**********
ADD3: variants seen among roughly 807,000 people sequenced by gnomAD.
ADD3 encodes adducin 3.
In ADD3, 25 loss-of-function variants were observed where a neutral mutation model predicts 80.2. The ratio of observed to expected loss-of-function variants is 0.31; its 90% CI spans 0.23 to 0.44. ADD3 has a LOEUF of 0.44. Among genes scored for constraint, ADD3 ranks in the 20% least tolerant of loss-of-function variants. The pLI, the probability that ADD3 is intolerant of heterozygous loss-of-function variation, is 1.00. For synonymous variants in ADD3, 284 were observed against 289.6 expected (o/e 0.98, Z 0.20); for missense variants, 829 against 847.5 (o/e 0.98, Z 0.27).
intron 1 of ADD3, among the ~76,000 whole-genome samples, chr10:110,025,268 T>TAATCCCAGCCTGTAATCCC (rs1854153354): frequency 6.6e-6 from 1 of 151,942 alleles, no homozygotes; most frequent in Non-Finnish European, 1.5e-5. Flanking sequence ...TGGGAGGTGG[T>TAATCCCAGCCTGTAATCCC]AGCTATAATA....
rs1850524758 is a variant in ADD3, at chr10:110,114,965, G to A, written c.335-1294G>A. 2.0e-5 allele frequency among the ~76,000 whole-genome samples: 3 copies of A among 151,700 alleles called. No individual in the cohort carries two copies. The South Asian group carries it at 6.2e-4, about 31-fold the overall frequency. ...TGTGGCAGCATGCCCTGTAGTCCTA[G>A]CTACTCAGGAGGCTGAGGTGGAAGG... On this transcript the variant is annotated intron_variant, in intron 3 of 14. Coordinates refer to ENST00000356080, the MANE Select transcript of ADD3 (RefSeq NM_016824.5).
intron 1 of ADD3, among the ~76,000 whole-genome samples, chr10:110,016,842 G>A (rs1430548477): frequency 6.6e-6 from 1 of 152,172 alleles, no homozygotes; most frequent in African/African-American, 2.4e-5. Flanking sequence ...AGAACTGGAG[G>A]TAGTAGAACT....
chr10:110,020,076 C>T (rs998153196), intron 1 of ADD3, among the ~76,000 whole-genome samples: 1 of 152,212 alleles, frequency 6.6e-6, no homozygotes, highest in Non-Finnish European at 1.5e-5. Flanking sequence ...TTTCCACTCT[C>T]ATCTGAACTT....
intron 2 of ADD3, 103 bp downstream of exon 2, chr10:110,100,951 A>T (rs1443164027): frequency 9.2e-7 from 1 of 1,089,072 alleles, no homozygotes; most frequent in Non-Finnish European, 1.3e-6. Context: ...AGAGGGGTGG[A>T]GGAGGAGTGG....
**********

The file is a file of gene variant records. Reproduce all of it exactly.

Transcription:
ADD3: variants seen among roughly 807,000 people sequenced by gnomAD.
ADD3 encodes adducin 3.
In ADD3, 25 loss-of-function variants were observed where a neutral mutation model predicts 80.2. The ratio of observed to expected loss-of-function variants is 0.31; its 90% CI spans 0.23 to 0.44. ADD3 has a LOEUF of 0.44. Among genes scored for constraint, ADD3 ranks in the 20% least tolerant of loss-of-function variants. The pLI, the probability that ADD3 is intolerant of heterozygous loss-of-function variation, is 1.00. For synonymous variants in ADD3, 284 were observed against 289.6 expected (o/e 0.98, Z 0.20); for missense variants, 829 against 847.5 (o/e 0.98, Z 0.27).
intron 1 of ADD3, among the ~76,000 whole-genome samples, chr10:110,025,268 T>TAATCCCAGCCTGTAATCCC (rs1854153354): frequency 6.6e-6 from 1 of 151,942 alleles, no homozygotes; most frequent in Non-Finnish European, 1.5e-5. Flanking sequence ...TGGGAGGTGG[T>TAATCCCAGCCTGTAATCCC]AGCTATAATA....
rs1850524758 is a variant in ADD3, at chr10:110,114,965, G to A, written c.335-1294G>A. 2.0e-5 allele frequency among the ~76,000 whole-genome samples: 3 copies of A among 151,700 alleles called. No individual in the cohort carries two copies. The South Asian group carries it at 6.2e-4, about 31-fold the overall frequency. ...TGTGGCAGCATGCCCTGTAGTCCTA[G>A]CTACTCAGGAGGCTGAGGTGGAAGG... On this transcript the variant is annotated intron_variant, in intron 3 of 14. Coordinates refer to ENST00000356080, the MANE Select transcript of ADD3 (RefSeq NM_016824.5).
intron 1 of ADD3, among the ~76,000 whole-genome samples, chr10:110,016,842 G>A (rs1430548477): frequency 6.6e-6 from 1 of 152,172 alleles, no homozygotes; most frequent in African/African-American, 2.4e-5. Flanking sequence ...AGAACTGGAG[G>A]TAGTAGAACT....
chr10:110,020,076 C>T (rs998153196), intron 1 of ADD3, among the ~76,000 whole-genome samples: 1 of 152,212 alleles, frequency 6.6e-6, no homozygotes, highest in Non-Finnish European at 1.5e-5. Flanking sequence ...TTTCCACTCT[C>T]ATCTGAACTT....
intron 2 of ADD3, 103 bp downstream of exon 2, chr10:110,100,951 A>T (rs1443164027): frequency 9.2e-7 from 1 of 1,089,072 alleles, no homozygotes; most frequent in Non-Finnish European, 1.3e-6. Context: ...AGAGGGGTGG[A>T]GGAGGAGTGG....